Singing our faith

Organist and Choirmaster Benjamin Kolodziej reflects on a favorite Lenten him at St. John’s.

 

Although The Hymnal 1982 places “When I Survey the Wondrous Cross” within the “Jesus Christ our Lord” section, this hymn is typically sung during Lent, bearing particular meaning any time during which we ponder Christ’s suffering and death. Isaac Watts (1674-1748) published this hymn in his Hymns and Spiritual Songs in 1707. Watts, although a proud Englishman, was a Dissenter, meaning he was not a part of the Church of England. Yet, Watts’ contributions to the Church of England were great.

Before Watts, in both the Anglican and the Dissenting churches, only psalms (and a few canticles) were sung liturgically by the congregation. Although the Lutherans on the continent had been singing hymns for almost two hundred years, it was Watts who wrote the first “hymns of human composure” in the English language, of which “When I Survey” is one of the first. In other words, although its language and metaphors are scriptural, the hymn is not verbatim or even paraphrased scripture, but doctrine codified personally and poetically. Watts’ hymnals soon influenced the Church of England to relax its requirements for congregational singing, resulting in the great burgeoning of English hymnody in the late eighteenth and early nineteenth century.

 

When I survey the wondrous cross on which the Prince of Glory died,
My richest gain I count but loss, and pour contempt on all my pride.
Forbid it, Lord, that I should boast, save in the death of Christ, my God:
All the vain things that charm me most, I sacrifice them to his blood.

 

In this exceptional hymn, Watts distills the vast cosmos down to a heartfelt realization of the Saviour’s suffering and death. Watts’ mind comprehended the universality of theology—the word “survey” appears in many of his hymns and can be likened to a person standing on the edge of the Grand Canyon, taking in a spatially-vast and aesthetically-wondrous vista beyond the realm of human control or understanding. Watts approaches theology like this—he stands at the border of the cosmos trying to comprehend the vastness of God’s being and actions, realizing the greatest of humanity’s wisdom is merely foolishness to God (“My richest gain I count but loss. . .”)  The world, to Watts, is comprised of “vain things that charm me most,” which he then will “sacrifice them to His blood.” Is this not the point of the Triduum—Maundy Thursday, Good Friday, and Holy Saturday?  The culmination of a Holy Week which began festively on Palm Sunday now leads to three days in which we ponder the sufferings and death of Christ.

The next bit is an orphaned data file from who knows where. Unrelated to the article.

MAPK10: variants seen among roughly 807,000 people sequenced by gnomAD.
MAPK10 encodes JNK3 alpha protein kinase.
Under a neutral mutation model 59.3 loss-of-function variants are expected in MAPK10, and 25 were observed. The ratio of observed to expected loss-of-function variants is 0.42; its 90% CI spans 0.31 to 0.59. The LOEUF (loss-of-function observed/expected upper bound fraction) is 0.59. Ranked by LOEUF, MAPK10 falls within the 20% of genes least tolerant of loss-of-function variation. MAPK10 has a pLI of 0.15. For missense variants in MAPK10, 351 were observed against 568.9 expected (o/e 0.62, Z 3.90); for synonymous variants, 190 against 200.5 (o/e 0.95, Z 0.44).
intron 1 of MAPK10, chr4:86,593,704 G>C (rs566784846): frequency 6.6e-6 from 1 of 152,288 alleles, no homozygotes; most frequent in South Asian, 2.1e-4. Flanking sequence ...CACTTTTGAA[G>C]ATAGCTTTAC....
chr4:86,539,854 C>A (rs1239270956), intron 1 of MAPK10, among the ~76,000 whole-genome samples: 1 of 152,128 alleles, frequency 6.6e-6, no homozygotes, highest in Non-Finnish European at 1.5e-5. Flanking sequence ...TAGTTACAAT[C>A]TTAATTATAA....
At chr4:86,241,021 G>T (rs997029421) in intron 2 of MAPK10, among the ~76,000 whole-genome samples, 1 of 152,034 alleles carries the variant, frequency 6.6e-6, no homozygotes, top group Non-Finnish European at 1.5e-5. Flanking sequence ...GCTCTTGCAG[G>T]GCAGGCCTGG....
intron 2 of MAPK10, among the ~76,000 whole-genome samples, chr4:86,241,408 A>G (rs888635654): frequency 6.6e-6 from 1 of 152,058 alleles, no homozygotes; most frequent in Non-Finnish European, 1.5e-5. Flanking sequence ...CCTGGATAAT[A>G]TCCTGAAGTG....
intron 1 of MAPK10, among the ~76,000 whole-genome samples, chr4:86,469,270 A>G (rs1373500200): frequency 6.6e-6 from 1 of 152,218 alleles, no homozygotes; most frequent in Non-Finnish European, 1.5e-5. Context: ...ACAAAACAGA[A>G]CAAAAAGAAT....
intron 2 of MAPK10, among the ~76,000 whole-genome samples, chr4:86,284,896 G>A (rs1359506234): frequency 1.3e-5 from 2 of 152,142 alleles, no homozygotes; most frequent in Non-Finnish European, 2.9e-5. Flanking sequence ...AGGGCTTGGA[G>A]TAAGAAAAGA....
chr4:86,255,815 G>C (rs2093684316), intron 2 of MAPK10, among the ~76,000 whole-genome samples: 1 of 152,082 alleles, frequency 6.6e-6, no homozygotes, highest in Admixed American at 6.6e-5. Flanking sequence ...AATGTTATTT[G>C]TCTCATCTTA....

See, from his head, his hands, his feet, sorrow and love flow mingled down!
Did e’er such love and sorrow meet, or thorns compose so rich a crown?

 

Watts’ third stanza paints a crucifix in verbal imagery—from “His head, His hands, His feet, sorrow and love flow mingled down,” echoing Paul Gerhardt’s evocative hymn “O Sacred Head Sore Wounded.” (Hymnal 169) Is a crucifix, by definition presenting Christ on the cross with the crown of thorns, not representative of both “love and sorrow”? We might consider how revolutionary this language is—at least in English—particularly as sung by Dissenting Calvinists who would certainly never countenance an actual crucifix in their church!

 

Were the whole realm of nature mine, that were a treasure far too small;
Love so amazing so divine, demands my soul, my life, my all.

 

Watts’ final stanza again places the singer on the precipice of eternity—even if the “whole realm of nature [were] mine, That were a tribute far too small,” reminding us this Lent, as only a Calvinist like Watts can, of our own inability to redeem ourselves. Understanding that makes the events of Easter morning evidence profound, not cheap, grace.

May we use this Lenten season, with its rich hymnody, to ponder this profound grace.

 

On the right: Isaac Watts’ Hymns and Spiritual Songs (1707) from the collection of Benjamin Kolodziej, showing the extra stanza four which is no longer sung. Click on the image to enlarge.

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